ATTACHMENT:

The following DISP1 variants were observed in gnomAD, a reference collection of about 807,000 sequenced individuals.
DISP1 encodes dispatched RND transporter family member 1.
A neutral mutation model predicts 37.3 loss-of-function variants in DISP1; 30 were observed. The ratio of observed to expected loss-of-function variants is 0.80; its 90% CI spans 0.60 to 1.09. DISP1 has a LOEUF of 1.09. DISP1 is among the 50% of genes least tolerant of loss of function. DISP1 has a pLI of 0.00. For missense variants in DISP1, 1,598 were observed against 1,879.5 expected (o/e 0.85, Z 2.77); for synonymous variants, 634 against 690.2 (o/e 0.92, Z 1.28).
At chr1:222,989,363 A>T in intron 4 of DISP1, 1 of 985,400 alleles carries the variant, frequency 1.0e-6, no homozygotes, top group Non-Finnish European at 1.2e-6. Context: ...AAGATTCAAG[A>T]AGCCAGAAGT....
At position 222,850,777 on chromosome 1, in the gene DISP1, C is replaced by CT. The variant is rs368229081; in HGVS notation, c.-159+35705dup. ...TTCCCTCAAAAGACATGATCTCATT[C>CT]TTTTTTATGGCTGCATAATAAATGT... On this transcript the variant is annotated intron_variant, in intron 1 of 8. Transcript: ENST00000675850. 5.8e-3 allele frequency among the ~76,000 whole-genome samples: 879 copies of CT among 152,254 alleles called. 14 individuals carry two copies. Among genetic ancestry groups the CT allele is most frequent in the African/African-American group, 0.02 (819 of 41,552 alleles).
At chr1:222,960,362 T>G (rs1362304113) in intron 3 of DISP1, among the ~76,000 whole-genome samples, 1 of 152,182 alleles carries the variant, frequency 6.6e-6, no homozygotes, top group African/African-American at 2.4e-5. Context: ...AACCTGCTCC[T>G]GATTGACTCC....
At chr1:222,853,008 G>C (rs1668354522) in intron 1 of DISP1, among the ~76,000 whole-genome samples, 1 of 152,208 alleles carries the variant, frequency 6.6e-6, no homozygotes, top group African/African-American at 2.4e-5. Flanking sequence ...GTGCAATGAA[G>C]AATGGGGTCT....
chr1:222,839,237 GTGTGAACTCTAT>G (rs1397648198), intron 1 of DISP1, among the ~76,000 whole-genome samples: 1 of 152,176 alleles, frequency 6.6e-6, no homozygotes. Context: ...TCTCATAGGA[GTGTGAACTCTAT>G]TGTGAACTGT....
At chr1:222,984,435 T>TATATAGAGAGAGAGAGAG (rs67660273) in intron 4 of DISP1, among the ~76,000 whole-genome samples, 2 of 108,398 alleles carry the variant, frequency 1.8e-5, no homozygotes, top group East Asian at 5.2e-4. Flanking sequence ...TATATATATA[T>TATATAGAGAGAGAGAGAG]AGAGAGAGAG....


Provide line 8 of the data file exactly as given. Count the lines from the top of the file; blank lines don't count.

chr1:222,839,237 GTGTGAACTCTAT>G (rs1397648198), intron 1 of DISP1, among the ~76,000 whole-genome samples: 1 of 152,176 alleles, frequency 6.6e-6, no homozygotes. Context: ...TCTCATAGGA[GTGTGAACTCTAT>G]TGTGAACTGT....